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Child Care Partnership Council Releases Local Child Care Needs Assessment

Jan 19, 2023    |   Local News & Resources
Early Childhood Education and early childhood care childrens' needs assessed

The Child Care Partnership Council (CCPC), San Mateo County’s local child care and development planning council, released its countywide Child Care Needs Assessment. The complete report, which describes the current status of child care and early learning supply and demand for children ages 0-12 years in San Mateo County, is available on the San Mateo County Office of Education website.  The Child Care Needs Assessment is prepared every five years, following a countywide survey. Survey results are used to inform San Mateo County child care policies and priorities.

In 2022, the CCPC released two additional, informative reports based on a Child Care Workforce Survey and Nanny Survey. These can also be found on the SMCOE website.  

Following are some of the topline findings of the child care and workforce needs assessments.

1. Child care Needs Assessment: Topline Summary  

As those working in the field of child care know, demand for child care exceeded supply even before the onset of the pandemic,  and the gap between need and availability has only worsened since that time.

In 2022, the current shortage of child care spaces for children 0-12 years old was approximately 17,000. 

  •  71% of demand for child care spaces was met in 2022; that is expected to decline to 66% by 2032.

  • Between 2017 and 2022, there has been a loss of 101 FCCH providers (a 16% decline) and 897 spaces (a 13% decline) in the County.

  • Since 2017 there has been a decline in the number of center-based providers, but an increase in center-based child care spaces.

  • Countywide, there is a shortage of about 26,000 subsidized spaces.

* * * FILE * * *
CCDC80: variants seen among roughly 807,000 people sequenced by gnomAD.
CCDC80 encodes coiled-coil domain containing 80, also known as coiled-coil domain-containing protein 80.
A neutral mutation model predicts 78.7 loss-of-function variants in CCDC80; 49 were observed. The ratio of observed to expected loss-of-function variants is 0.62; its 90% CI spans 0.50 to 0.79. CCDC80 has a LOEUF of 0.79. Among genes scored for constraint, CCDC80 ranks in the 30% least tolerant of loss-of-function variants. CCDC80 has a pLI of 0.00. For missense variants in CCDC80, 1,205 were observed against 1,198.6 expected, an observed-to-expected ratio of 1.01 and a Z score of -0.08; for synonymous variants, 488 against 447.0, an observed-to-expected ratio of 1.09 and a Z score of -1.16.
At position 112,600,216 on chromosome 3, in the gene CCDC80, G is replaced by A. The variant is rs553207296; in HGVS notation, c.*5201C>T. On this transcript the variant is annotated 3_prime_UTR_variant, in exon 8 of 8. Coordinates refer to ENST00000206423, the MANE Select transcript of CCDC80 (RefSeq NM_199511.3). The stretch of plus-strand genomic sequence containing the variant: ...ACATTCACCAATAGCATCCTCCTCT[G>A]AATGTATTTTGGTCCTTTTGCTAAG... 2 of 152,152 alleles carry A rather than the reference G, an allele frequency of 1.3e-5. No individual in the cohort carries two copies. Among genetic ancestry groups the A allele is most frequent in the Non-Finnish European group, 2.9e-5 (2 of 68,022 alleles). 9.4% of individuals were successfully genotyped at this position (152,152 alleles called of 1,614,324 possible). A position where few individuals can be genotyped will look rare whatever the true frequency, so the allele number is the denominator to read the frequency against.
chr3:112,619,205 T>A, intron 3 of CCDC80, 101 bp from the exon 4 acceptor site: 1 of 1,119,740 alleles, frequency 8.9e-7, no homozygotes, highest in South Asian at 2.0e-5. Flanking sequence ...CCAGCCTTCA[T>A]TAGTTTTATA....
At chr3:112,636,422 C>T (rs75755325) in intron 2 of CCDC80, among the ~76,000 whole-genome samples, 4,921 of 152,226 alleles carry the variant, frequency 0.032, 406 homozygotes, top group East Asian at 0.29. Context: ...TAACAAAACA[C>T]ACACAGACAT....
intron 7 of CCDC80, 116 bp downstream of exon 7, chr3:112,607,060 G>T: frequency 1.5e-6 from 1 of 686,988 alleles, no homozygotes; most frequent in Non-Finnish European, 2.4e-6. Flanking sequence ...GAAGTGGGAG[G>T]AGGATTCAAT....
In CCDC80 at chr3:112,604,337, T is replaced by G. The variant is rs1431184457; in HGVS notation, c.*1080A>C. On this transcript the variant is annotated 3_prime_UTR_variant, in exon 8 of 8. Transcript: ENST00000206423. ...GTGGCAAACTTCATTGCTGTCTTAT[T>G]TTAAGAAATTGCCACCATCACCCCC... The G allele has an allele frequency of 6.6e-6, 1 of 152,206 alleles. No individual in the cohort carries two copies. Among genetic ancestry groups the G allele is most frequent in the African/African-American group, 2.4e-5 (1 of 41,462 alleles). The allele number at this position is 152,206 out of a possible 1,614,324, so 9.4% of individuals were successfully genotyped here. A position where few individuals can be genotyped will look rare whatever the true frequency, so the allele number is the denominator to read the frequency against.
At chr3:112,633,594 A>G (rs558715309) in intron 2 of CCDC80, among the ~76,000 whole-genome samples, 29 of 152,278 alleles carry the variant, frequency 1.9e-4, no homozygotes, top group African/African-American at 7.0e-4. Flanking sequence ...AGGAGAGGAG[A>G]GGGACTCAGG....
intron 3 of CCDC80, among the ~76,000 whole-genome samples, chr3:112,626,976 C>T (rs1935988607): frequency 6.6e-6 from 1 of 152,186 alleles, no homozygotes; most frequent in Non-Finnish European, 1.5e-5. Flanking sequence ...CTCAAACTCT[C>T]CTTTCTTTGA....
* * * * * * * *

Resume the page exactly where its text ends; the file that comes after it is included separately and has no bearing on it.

• 73% of parents surveyed stated that they have turned down work due to a lack of child care.

2. Workforce Survey: Themes and Trends 

The Workforce Survey was conducted through conversations with child care providers via individual interviews and focus groups, and via a county-wide child care workforce survey.  

Key findings:

  • Wages and benefits are currently stagnant, but need to be competitive to attract additional employees. Hiring and finding a qualified applicant pool are key challenges. 

  • Current members of the workforce would like to see more employee benefits and more resources for their child care programs.

  • Approximately 67% of directors/owners/administrators noted that their programs have child care vacancies, while 41% have waitlists. 

  • Some survey respondents noted a diminished enrollment of preschool and school-aged children; others have a waitlist for infants and toddlers.

  • 66% of survey participants plan to stay in the sector during the next 12 months. Data suggests that the demographic most inclined to leave the sector is 18-39 year olds.

  • Children have experienced delayed development (e.g. problem-solving, social emotional; motor functions, etc.) as a result of the COVID-19 pandemic.

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